*Photo Credit: Mountain Statesman
GRAFTON—Shots rang out through the hallways and a Code Red lockdown was called at Anna Jarvis Elementary School. Minutes later, Grafton Police Department officers stormed the school in search of the gunman.
The scenario was a tense one, but was only part of an active shooter training held, on Saturday, by the police department
and Taylor County Board of Education, in conjunction with Sentry Surveillance’s Code Red Remote Overwatch Support program, to test the newly implemented program.
“The safety of the students is our number one priority,” shared Superintendent Kathy Green. “I feel like the cameras have added a piece of mind to what could be a horrific event.”
Before the training kicked off, Grafton Police Chief Robert Beltner told those in attendance about their teaming up with Rob Lambert of Sentry Surveillance.
"The overwatch support program is a huge asset to us, because it will allow us to know exactly where in the school the shooter is.” - Cole Durrett, Patrolman
“Rob got a hold of me back in August and had me come to the board office to check out the cameras that had been installed. It was decided he would implement a program where he could access the cameras from a remote location to assist during an active shooter or incident that would involve police, to help out,” Beltner shared.
Through careful training and cooperation, all entities involved would be able to communicate with each other, to better resolve a potentially deadly situation.
“This type of drill or training is very important to all of us,” expressed Patrolman Cole Durrett. “They are going to allow us to understand the process more. The overwatch support program is a huge asset to us, because it will allow us to know where exactly in the school the shooter is.”
“This is a way to allow us to change the procedure we would use,” voiced Beltner. “Getting law enforcement to change is a difficult thing. We are set in our ways. It’s too easy to get in a mindset that it will never happen here. If this works, and it will work, we will be the first county in the state of WV that does this.”
He disclosed that initially, officers were directed to wait outside of the school to form a team before entering, but that was the cause of a higher rate of death.
“We changed our thought process. We’re not waiting. As soon as we get to the school, we are going in,” Beltner commented. “The average response time for an active shooter is 18 minutes. If it takes us 18 minutes to get to Grafton High School or Anna Jarvis, once that incident is over, I’m firing some guys. Our response time should be two minutes tops.”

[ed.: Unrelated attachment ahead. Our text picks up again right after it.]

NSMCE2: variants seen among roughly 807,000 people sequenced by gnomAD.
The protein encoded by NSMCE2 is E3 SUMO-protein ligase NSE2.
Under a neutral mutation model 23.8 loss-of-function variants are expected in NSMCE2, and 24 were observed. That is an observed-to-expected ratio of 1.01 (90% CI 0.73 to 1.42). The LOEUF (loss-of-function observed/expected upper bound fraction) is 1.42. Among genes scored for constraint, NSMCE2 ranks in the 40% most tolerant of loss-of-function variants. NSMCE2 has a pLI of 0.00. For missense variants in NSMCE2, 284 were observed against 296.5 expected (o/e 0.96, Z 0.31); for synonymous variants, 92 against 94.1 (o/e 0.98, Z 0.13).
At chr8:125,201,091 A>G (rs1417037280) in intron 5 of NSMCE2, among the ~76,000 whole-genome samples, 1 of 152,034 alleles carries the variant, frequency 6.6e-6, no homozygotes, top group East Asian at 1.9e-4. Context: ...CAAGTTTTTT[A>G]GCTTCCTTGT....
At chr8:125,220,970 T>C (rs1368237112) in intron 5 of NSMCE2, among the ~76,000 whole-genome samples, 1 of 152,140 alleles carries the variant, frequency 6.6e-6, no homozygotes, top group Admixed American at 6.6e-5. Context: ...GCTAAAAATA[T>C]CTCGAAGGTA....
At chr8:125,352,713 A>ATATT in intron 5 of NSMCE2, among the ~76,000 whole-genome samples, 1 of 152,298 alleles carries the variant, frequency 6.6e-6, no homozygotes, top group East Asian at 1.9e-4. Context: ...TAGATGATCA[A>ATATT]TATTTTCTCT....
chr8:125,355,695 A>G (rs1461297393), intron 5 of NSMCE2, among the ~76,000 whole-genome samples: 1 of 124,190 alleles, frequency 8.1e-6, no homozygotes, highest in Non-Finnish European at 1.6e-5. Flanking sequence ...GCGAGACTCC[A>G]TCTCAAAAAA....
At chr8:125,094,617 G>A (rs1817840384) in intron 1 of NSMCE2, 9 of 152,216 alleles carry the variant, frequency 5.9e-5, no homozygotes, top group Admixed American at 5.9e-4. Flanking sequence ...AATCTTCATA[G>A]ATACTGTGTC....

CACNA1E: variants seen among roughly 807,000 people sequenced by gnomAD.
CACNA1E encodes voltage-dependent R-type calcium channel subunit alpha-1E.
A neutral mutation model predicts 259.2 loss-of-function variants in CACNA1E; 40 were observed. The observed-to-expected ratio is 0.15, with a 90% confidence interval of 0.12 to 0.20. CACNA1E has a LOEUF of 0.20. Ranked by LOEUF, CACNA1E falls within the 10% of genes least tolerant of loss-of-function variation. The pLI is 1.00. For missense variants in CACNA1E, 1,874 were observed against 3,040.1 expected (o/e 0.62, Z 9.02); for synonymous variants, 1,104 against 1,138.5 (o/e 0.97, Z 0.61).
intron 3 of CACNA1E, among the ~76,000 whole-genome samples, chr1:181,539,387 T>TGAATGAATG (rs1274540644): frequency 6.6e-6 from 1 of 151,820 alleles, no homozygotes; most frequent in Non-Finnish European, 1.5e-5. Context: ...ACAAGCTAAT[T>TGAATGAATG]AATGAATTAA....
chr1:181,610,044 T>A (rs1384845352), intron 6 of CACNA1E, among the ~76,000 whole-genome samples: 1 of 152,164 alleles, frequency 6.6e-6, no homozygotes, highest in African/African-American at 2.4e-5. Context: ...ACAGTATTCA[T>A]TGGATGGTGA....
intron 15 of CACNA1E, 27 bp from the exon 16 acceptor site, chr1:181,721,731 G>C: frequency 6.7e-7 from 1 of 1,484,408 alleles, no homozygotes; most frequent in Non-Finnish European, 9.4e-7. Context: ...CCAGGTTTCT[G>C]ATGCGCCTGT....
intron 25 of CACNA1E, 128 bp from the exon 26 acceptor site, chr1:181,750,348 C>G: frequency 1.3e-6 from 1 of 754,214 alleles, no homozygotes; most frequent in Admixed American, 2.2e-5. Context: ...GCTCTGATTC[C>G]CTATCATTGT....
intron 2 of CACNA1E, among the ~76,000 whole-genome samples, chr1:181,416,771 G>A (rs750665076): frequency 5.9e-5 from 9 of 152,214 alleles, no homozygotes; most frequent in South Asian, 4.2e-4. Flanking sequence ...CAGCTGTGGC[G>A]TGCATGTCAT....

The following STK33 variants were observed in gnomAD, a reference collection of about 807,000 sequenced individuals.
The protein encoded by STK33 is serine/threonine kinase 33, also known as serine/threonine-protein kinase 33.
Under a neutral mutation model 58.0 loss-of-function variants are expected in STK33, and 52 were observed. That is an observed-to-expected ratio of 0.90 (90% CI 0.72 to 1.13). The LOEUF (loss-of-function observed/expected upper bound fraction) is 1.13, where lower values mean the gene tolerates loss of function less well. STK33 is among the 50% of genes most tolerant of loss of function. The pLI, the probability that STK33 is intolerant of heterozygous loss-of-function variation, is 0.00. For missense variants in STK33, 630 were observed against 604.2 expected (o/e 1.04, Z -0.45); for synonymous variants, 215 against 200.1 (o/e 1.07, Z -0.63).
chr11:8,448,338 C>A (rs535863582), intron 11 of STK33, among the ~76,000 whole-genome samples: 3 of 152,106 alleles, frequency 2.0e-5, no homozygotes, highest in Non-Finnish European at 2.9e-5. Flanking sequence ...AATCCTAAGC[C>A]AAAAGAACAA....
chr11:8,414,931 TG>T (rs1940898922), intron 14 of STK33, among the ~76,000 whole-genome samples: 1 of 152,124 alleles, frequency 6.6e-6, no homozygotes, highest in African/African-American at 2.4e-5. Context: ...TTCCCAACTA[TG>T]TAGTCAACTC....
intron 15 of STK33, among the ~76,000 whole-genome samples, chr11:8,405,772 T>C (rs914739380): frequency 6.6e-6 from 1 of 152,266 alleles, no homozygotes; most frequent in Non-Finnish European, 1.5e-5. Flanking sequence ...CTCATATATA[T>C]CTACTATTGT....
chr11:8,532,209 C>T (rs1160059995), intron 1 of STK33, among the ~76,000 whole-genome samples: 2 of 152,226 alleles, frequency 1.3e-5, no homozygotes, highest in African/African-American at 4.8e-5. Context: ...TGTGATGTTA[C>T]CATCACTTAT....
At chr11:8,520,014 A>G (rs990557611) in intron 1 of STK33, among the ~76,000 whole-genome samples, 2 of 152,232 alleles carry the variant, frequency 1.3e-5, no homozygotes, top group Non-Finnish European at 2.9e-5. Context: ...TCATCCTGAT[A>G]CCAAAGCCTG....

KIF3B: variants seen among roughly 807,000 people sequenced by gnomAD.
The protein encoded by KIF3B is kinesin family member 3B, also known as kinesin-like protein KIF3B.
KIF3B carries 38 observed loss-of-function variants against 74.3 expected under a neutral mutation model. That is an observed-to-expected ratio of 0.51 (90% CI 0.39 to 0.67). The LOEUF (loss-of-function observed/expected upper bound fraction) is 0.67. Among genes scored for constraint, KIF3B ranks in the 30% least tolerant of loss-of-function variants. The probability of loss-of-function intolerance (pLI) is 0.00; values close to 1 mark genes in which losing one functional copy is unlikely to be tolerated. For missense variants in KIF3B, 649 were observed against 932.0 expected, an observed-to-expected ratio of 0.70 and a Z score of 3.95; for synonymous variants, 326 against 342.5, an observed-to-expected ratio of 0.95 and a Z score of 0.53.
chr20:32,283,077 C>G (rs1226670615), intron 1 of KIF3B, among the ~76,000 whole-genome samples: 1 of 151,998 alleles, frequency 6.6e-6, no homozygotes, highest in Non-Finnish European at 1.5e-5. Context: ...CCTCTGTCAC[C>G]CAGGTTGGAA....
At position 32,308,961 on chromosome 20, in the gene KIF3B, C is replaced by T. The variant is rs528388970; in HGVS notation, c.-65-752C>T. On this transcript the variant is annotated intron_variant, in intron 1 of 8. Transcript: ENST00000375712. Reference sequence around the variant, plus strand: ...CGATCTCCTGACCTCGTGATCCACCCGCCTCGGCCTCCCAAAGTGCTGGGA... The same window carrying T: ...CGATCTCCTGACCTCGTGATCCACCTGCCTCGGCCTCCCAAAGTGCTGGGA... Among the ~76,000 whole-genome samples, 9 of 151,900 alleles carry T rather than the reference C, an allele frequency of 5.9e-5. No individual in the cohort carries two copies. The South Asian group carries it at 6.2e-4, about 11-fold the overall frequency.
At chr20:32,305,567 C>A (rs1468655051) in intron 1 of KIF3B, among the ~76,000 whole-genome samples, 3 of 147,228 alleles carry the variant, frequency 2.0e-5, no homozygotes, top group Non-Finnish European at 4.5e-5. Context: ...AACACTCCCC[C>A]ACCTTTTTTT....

During the exercises, both Lambert and the officers responding knew nothing of the planned scenarios. A gunman, or gunmen, would enter the school, shots would be fired, a code red would be announced and then a call would be made to Harrison-Taylor County 911.
“Once the call was made to 911, they notified us so that we could get officers responding and Rob was able to key up his system to help feed us information about the shooter’s whereabouts, so that it could be passed on to the officers inside of the building,” he explained.
Officers responded to the school from a remote location, and upon their arrival they entered the school and began searching for the subject.
Lambert, who was watching the cameras from his remote location, was able to provide a description of the suspect or suspects, along with their location within the school, to a command post set up outside of the school. That information was then passed on to the responding officers.
“You can’t beat live intel,” shared Detective Dayton Mayle.
Beltner revealed that most of the scenarios were over in approximately four minutes, and that the longest time recorded was 12 minutes.
“We made some mistakes and we have already corrected our approach. We’ve already made changes to our procedure after today,” he noted.
Not only was it a training day for the department, board, school employees and Lambert, but also for the 911 dispatchers, according to Beltner.
“911 has realized that they were unable to handle the situation like they thought they were going to be able to, and they now know where they need to make some changes,” he reported.
School personnel and teachers were able to discuss any issues or ask any questions about the process that they felt need clarification. After a short discussion, Beltner and all the participants agreed that the training provided a highly useful experience to use in the event of a live active shooter.
“It was definitely an eye-opening experience,” imparted Beltner.